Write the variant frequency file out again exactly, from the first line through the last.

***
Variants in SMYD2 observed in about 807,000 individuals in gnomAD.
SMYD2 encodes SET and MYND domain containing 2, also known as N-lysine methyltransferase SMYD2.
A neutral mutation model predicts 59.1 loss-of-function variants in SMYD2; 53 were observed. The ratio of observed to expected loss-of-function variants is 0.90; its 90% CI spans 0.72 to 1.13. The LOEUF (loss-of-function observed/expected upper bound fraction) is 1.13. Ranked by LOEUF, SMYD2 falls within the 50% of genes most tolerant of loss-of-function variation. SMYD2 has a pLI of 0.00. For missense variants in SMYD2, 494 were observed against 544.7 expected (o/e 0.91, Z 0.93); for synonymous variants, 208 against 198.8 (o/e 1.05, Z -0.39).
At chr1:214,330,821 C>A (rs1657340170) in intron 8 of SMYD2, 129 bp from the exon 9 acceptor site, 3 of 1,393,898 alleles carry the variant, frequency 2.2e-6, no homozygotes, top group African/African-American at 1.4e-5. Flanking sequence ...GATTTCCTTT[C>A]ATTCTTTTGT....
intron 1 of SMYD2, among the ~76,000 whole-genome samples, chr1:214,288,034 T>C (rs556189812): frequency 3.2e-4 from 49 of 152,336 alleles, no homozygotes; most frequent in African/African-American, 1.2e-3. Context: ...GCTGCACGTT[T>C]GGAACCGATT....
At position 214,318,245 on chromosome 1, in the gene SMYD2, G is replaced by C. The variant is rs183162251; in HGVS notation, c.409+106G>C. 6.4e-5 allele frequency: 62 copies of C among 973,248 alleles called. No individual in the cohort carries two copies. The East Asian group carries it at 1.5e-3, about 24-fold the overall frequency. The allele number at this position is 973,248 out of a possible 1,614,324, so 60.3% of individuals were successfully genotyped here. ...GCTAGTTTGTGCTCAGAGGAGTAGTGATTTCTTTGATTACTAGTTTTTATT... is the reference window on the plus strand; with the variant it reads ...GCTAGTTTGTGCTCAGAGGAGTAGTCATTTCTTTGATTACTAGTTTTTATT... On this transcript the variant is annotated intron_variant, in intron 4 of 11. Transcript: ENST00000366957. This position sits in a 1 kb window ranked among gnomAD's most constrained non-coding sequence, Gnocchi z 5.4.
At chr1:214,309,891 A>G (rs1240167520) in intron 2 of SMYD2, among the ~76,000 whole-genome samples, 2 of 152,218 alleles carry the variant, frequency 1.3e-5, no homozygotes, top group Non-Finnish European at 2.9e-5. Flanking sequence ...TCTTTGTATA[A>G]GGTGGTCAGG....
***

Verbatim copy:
Variants in SMYD2 observed in about 807,000 individuals in gnomAD.
SMYD2 encodes SET and MYND domain containing 2, also known as N-lysine methyltransferase SMYD2.
A neutral mutation model predicts 59.1 loss-of-function variants in SMYD2; 53 were observed. The ratio of observed to expected loss-of-function variants is 0.90; its 90% CI spans 0.72 to 1.13. The LOEUF (loss-of-function observed/expected upper bound fraction) is 1.13. Ranked by LOEUF, SMYD2 falls within the 50% of genes most tolerant of loss-of-function variation. SMYD2 has a pLI of 0.00. For missense variants in SMYD2, 494 were observed against 544.7 expected (o/e 0.91, Z 0.93); for synonymous variants, 208 against 198.8 (o/e 1.05, Z -0.39).
At chr1:214,330,821 C>A (rs1657340170) in intron 8 of SMYD2, 129 bp from the exon 9 acceptor site, 3 of 1,393,898 alleles carry the variant, frequency 2.2e-6, no homozygotes, top group African/African-American at 1.4e-5. Flanking sequence ...GATTTCCTTT[C>A]ATTCTTTTGT....
intron 1 of SMYD2, among the ~76,000 whole-genome samples, chr1:214,288,034 T>C (rs556189812): frequency 3.2e-4 from 49 of 152,336 alleles, no homozygotes; most frequent in African/African-American, 1.2e-3. Context: ...GCTGCACGTT[T>C]GGAACCGATT....
At position 214,318,245 on chromosome 1, in the gene SMYD2, G is replaced by C. The variant is rs183162251; in HGVS notation, c.409+106G>C. 6.4e-5 allele frequency: 62 copies of C among 973,248 alleles called. No individual in the cohort carries two copies. The East Asian group carries it at 1.5e-3, about 24-fold the overall frequency. The allele number at this position is 973,248 out of a possible 1,614,324, so 60.3% of individuals were successfully genotyped here. ...GCTAGTTTGTGCTCAGAGGAGTAGTGATTTCTTTGATTACTAGTTTTTATT... is the reference window on the plus strand; with the variant it reads ...GCTAGTTTGTGCTCAGAGGAGTAGTCATTTCTTTGATTACTAGTTTTTATT... On this transcript the variant is annotated intron_variant, in intron 4 of 11. Transcript: ENST00000366957. This position sits in a 1 kb window ranked among gnomAD's most constrained non-coding sequence, Gnocchi z 5.4.
At chr1:214,309,891 A>G (rs1240167520) in intron 2 of SMYD2, among the ~76,000 whole-genome samples, 2 of 152,218 alleles carry the variant, frequency 1.3e-5, no homozygotes, top group Non-Finnish European at 2.9e-5. Flanking sequence ...TCTTTGTATA[A>G]GGTGGTCAGG....